Besides talks about the cross-section of information technology and energy sectors, TeslaCamp attracted green innovators like Dmytro Briukov, 25.  A member of HackerSpace (Kharkiv), he demonstrated a modern self-constructed 3-D printer. “This device works due to the MDM (Mobile device management) technology but is original in the process of printing as it augments the form layer by layer instead of clipping it,” Briukov comments.

Solar panels in the technical zone of TeslaCamp, a solar-powered hackathon. © Anastasia VlasovaSolar panels in the technical zone of TeslaCamp, a solar-powered hackathon. © Anastasia Vlasova

It took him a half year to implement his idea into reality and he believes his technology is less costly and faster than other 3-D samples. Although it needs more time to become practically popular, it could be very beneficial in medicine, defense and the space industry.

Greencubator invited not only start-ups but people whose conceptions of energy efficiency have received recognition. Olesya Arhypchuk, 28, from Radekhiv (Lviv Oblast) promotes her father’s development that helps to save gas with burning off natural resources and, moreover, in such way to produce coal. “In fact, my father, Anatoliy Arhypchuk, an entrepreneur, made out the way how to profitably heat hospitals, schools, et cetera with biogas getting bio-raw staff which further can be sold. The system can be easily connected to city boilers and is definitely lucrative,” the woman says.

During the Hackathon, an event when software developers and other specialists collaborate, developers introduced a new 3-D printer.</em> © Anastasia VlasovaDuring the Hackathon, an event when software developers and other specialists collaborate, developers introduced a new 3-D printer. © Anastasia Vlasova

Another practical device being already ordered is a satellite with an interceptor that diverts mobile phone signals and distributes Wi-Fi in distant areas like mountains. Diana Dobronogova, a deputy head of IMC in commercial issues, says their development can work autonomously and has no analogues working in any conditions: “The advantage of our device is offline work which is possible even underwater, without recharging for a week,” Dobronogova says.

The inventions of the Greencubator participants may influence Ukraine’s energy system in the future. “This year is crucial for the energy system too. We have to deal with our dated methods and shift to sustainable energy solutions,” Zinchenko states.

A volunteer of Greencubator, a group that promotes energy efficiency and members of KhackerSpace examine an energy saving development.A volunteer of Greencubator, a group that promotes energy efficiency and members of KhackerSpace examine an energy saving development. © Anastasia Vlasova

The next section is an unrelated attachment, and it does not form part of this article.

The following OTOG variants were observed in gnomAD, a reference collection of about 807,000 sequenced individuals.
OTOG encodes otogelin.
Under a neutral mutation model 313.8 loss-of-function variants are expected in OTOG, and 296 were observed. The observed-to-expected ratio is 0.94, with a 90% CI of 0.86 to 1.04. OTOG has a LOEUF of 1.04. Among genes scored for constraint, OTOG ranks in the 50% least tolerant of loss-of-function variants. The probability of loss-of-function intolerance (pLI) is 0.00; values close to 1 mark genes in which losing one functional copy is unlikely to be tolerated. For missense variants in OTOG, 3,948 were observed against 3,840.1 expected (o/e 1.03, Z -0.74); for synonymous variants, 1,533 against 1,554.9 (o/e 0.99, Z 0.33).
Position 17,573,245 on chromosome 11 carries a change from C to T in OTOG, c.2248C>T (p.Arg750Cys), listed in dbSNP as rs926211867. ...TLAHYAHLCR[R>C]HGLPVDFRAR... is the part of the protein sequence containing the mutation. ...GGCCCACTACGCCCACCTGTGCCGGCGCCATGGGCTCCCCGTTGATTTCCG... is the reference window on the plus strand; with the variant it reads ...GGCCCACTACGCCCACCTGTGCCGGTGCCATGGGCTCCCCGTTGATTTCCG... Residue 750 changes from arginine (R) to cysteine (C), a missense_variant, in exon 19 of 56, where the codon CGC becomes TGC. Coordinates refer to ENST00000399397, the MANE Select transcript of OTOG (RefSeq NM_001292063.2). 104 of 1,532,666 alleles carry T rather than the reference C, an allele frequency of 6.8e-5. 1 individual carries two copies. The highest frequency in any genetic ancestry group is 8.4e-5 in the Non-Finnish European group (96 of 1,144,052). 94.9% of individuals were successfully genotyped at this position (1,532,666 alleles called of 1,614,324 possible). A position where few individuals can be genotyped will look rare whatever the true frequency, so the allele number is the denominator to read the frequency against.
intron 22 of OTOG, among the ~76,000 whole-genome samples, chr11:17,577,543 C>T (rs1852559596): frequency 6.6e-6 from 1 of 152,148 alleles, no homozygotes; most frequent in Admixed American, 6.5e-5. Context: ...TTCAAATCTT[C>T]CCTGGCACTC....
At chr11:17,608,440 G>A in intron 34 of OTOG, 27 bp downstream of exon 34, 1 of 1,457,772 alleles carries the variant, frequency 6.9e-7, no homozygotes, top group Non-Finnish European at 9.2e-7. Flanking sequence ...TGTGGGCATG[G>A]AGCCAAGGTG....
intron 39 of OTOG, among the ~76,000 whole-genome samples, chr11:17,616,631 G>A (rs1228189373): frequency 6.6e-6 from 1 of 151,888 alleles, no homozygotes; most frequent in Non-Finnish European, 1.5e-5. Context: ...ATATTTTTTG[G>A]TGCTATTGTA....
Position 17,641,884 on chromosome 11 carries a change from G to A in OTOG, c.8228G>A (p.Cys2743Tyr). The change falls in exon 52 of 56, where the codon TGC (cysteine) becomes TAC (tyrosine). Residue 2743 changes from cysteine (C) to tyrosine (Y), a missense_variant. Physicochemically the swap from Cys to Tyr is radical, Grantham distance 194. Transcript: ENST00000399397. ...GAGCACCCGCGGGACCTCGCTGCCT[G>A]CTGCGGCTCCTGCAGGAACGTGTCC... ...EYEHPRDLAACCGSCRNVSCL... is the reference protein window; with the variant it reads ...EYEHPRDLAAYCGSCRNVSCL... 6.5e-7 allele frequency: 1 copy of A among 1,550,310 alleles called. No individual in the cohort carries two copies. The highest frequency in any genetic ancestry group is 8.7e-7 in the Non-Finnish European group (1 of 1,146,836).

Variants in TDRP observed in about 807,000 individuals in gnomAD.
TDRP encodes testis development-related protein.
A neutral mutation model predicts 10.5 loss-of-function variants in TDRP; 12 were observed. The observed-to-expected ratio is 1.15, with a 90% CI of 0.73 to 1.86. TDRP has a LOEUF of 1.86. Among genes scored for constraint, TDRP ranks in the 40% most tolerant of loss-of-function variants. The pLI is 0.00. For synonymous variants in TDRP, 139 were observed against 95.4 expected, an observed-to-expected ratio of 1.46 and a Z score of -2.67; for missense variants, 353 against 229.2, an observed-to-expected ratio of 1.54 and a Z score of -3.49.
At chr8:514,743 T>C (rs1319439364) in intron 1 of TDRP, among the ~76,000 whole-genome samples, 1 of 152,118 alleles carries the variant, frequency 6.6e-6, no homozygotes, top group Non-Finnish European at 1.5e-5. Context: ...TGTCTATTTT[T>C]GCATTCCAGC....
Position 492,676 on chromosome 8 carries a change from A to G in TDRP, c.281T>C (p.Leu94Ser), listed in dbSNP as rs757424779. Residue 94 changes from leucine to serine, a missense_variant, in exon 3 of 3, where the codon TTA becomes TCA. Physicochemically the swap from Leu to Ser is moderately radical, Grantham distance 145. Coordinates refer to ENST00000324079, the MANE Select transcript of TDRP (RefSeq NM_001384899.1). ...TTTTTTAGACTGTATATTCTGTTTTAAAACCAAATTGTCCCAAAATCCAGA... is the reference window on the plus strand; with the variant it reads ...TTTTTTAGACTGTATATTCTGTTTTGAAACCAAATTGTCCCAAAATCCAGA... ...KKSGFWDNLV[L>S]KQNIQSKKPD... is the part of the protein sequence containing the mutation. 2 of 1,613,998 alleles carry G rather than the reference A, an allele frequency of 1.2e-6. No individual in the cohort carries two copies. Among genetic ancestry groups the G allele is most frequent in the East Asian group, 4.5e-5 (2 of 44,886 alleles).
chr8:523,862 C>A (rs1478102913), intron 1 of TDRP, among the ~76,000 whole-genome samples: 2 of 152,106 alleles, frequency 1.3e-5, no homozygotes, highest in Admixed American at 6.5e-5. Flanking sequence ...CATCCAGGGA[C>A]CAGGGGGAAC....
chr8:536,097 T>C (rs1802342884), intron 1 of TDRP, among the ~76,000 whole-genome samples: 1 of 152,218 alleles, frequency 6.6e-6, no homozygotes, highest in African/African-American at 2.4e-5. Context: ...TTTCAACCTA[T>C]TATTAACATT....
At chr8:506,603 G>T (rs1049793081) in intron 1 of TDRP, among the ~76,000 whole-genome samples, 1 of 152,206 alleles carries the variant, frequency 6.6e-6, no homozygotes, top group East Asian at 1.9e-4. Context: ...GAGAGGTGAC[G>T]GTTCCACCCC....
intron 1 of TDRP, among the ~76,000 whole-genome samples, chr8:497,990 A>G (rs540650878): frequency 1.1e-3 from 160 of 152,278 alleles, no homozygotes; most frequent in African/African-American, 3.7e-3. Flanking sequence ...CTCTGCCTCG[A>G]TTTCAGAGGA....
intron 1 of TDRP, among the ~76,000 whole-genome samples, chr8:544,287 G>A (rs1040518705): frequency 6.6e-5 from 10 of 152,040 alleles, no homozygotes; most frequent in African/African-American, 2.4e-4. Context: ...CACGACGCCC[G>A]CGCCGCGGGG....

(Kyiv Post staff writer Iryna Matviyishyn can be reached at ira.matviishyn@gmail.com).


Kyiv Post.

Renewable energy capacity grows at fastest ever pace #Wind #Solar #GreenTechnologies #RenewableEnergy


“Green technologies now produce 22% of world’s electricity”. 

. Wind turbines in China. Investment in renewable energy exceeded $250bn last year. Photograph: Carlos Barria/ReutersWind turbines in China. Investment in renewable energy exceeded $250bn last year. Photograph: Carlos Barria/Reuters.

Wind, solar and other renewable power capacity grew at its strongest ever pace last year and now produces 22% of the world’s electricity, the International Energy Agency said on Thursday in a new report.

More than $250bn (£150bn) was invested in “green” generating systems in 2013, although the speed of growth is expected to slacken, partly because politicians are becoming nervous about the cost of subsidies.

Maria van der Hoeven, the executive director of the IEA, said governments should hold their nerve: “Renewables are a necessary part of energy security. However, just when they are becoming a cost-competitive option in an increasing number of cases, policy and regulatory uncertainty is rising in some key markets. This stems from concerns about the costs of deploying renewables.”

She added: “Governments must distinguish more clearly between the past, present and future, as costs are falling over time. Many renewables no longer need high incentive levels. Rather, given their capital-intensive nature, renewables require a market context that assures a reasonable and predictable return for investors.”

Hydro and other green technologies could be producing 26% of the world’s electricity by 2020, the IEA said in its third annual Medium-Term Renewable Energy Market Report. They are already used as much as gas for generating electrical power, it points out.

But the total level of investment in renewables is lower now than a peak of $280bn in 2011 and is expected to average only $230bn annually to the end of the decade unless governments make increasing policy commitments to keep spending higher.

The current growth rate for installing new windfarms and solar arrays is impressive but the IEA believes it is not enough to meet climate change targets, triggering calls in Brussels from green power lobby groups for Europe to adopt tougher, binding targets.

Justin Wilkes, the deputy chief executive of the European Wind Energy Association, said: “The IEA report hits the nail on the head when it comes to ambitious national targets for 2030. Not only is a 27% target too low but it doesn’t oblige member states to follow through. Europe’s heads of state need to agree in October on a binding 30% renewables target if real progress is going to be made to improve Europe’s energy security, competitiveness and climate objectives.”

The IEA – a Paris-based agency established to ensure reliable, affordable and clean energy for its 29 member countries – says that in Brazil, Chile and South Africa onshore wind is already a preferred option over new fossil fuel plants such as coal or gas.

Onshore wind, despite being the most economic of the renewable power technologies in Britain, is still opposed by parts of the Conservative party, while offshore wind remains controversial because of its high costs.

New figures released on Thursday by the industry body Energy UK show wind provided a little over 4% of Britain’s power generation in July compared with 42% for gas, 24% nuclear and 17% for coal.


The Guardian.